Christian sociologist James Davison Hunter has written one of the most important studies of what it means to be faithfully present in the modern, increasingly post-Christendom world that I have been describing over the last two weeks. His magisterial book, To Change the World: The Irony, Tragedy and Possibility of Christianity in the Late Modern World (Oxford, 2010, has helped many of us think about how to live faithfully in the modern context. Perhaps the most important question that Hunter asks, and answers, is: “How might Christians in the 21st century live in ways that have integrity with their traditions and are more truly transformative?” I have attempted to provide some response to this same question by writing about living in a time of cultural and spiritual captivity as “a colony of heaven,” or as “aliens.”
Hunter suggests that what is really needed is a different paradigm of Christian engagement with the world, one he calls “faithful presence”–an ideal of Christian practice that is not only individual but institutional. His model works out both in relationships and in our work. It is not an Anabaptist vision of life because it reaches into all spheres of social life. Hunter offers real-life examples, large and small, of what can be accomplished through “faithful presence.” I believe he is right when he says that such practices will ultimately prove to be more fruitful, exemplary, and transfiguring than the more overtly ambitious attempts that we have been trying for the last four decades.
Hunter’s book is filled with great quotable paragraphs but one that stands out, at least in terms of what I have been writing the past two weeks, refers to the whole idea of a post-Christian culture itself. He says:
It is often said that, although many vestiges remain, American culture has become post-Christian culture. This is certainly true, but a statement like this is almost trite, for it fundamentally understates the changes that have taken place in late modernity. It may be more accurate to say that we are witnesses to and participants in a cultural transformation that radically challenges and deconstructs, if not inverts, the ontological and moral substructure of inherited social institutions, inherited conventions of everyday social life, and the inherited frameworks of understanding and experience. How this transformation will turn out is anyone’s guess, but it is essential to come to terms with both the enormity and complexity of the change and to face its implications squarely, for it means that the context in which faithfulness is pursued today is quite different from anything seen before (Note: I cannot provide the exact page reference for my quotation here since I copied these words without the page reference and cannot find the page at this moment.)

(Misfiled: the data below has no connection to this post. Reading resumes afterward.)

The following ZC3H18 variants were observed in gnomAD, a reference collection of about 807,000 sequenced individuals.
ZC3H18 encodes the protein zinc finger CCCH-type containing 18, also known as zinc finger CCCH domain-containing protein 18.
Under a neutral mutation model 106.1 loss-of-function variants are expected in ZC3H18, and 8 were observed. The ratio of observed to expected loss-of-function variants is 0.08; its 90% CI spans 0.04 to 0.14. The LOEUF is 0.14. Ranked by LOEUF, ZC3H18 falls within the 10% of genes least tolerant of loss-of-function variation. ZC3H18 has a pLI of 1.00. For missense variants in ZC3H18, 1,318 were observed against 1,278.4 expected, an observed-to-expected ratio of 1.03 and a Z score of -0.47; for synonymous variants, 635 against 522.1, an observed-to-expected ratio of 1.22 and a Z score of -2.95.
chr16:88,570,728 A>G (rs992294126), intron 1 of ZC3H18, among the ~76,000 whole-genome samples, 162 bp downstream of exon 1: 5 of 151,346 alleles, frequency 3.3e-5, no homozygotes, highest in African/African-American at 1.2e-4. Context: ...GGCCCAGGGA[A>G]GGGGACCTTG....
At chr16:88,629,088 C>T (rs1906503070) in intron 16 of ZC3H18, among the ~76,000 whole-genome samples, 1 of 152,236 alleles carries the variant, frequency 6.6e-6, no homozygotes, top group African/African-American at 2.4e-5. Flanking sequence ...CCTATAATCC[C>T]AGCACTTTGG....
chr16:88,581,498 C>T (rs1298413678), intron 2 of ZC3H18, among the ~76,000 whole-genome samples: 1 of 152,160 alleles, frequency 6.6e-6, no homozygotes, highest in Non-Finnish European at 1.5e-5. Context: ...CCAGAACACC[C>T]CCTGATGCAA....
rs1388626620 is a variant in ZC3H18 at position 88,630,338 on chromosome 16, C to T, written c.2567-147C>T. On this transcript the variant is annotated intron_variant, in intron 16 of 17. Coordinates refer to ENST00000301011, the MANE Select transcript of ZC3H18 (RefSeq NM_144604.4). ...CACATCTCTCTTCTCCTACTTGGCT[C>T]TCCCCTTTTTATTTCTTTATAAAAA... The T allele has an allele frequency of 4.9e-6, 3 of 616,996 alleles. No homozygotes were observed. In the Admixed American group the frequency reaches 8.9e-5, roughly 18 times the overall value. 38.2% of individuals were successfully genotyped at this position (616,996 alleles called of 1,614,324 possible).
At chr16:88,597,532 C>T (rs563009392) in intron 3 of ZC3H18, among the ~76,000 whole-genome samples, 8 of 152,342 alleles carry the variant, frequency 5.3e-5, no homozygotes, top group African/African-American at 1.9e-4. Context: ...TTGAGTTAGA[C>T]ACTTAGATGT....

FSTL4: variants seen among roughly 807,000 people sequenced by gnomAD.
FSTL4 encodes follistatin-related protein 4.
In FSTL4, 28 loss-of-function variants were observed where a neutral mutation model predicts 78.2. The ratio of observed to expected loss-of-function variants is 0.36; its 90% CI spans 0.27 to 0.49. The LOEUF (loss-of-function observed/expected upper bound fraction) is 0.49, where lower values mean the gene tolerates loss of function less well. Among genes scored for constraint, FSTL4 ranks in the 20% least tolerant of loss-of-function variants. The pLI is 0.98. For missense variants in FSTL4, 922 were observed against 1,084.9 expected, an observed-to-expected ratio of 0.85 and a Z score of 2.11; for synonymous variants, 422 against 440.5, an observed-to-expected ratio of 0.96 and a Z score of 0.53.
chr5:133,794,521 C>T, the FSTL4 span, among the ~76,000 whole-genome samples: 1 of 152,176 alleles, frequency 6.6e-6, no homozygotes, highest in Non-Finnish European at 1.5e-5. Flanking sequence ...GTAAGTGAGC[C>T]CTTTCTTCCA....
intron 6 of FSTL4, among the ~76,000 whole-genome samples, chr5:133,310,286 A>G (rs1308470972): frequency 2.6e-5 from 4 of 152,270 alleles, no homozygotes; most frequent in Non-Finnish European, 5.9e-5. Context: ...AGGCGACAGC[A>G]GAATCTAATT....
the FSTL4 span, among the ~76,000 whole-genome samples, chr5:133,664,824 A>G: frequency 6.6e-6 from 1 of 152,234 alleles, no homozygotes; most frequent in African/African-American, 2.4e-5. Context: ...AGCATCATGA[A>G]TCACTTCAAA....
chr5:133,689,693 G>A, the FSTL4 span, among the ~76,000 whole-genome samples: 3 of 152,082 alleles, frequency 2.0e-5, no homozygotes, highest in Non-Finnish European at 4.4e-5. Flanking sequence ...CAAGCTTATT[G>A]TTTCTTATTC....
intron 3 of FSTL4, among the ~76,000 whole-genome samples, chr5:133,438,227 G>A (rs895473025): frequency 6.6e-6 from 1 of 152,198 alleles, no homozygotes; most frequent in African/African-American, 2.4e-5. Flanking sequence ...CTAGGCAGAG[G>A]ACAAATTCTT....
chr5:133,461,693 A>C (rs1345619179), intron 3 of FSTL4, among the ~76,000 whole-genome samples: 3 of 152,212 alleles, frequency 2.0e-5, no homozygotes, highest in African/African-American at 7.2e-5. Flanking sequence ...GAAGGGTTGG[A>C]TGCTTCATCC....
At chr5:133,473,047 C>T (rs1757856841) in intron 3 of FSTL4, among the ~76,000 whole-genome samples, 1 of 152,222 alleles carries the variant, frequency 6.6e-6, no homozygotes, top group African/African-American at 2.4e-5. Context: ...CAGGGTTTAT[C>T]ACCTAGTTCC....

Why We Should Let Go of Our Worldview
If there is anything that has become popular among both modern evangelical Protestants, and many very conservative Catholics, it is the idea we have come to call a “worldview.” While I have a guarded respect for this development, namely that people adopt ways of thinking and living that shape their view of the world around them and these views are variously Christian or non-Christian, I question the basic worldview enterprise at a profound level. Why?
The world views that I hear so many Christians discuss are almost all, with only a few minor exceptions, profoundly rooted in assertions that are deeply connected with both Constantianism and late modernity. If the world of Christendom was basically Christian, or fundamentally the result of the gospel of Christ, then we need not worry overmuch about the church. What is needed then is to help the church relate better to the world and culture around it so that the world and the church can again relate to one another more effectively. But if the world/culture is “basically Christian” then “conversion, detoxification, and transformation are not needed. All that is needed is a slight change of mind, an inner change of heart, a few new insights” (Resident Aliens, 29).
I believe we need much more than a change of mind, or a better worldview. We need more than new insights. I believe we need a profound “detoxification and transformation” or what the authors of Resident Aliens have called a new “conversion.” This can only come when we stop trying to change the world and start seeking God for the renewal of the church by a Christ-intoxicated vision of the kind of Christian community that is radically centered in the Lord Jesus Christ. We need what my dear friend David Bryant rightly calls a genuine “Christ awakening.” I do not believe that we will seek for such a transformation until we give up on saving Christendom culture. I also believe most pastors do not see this need and will not so long as we do church by the old ways of Christendom.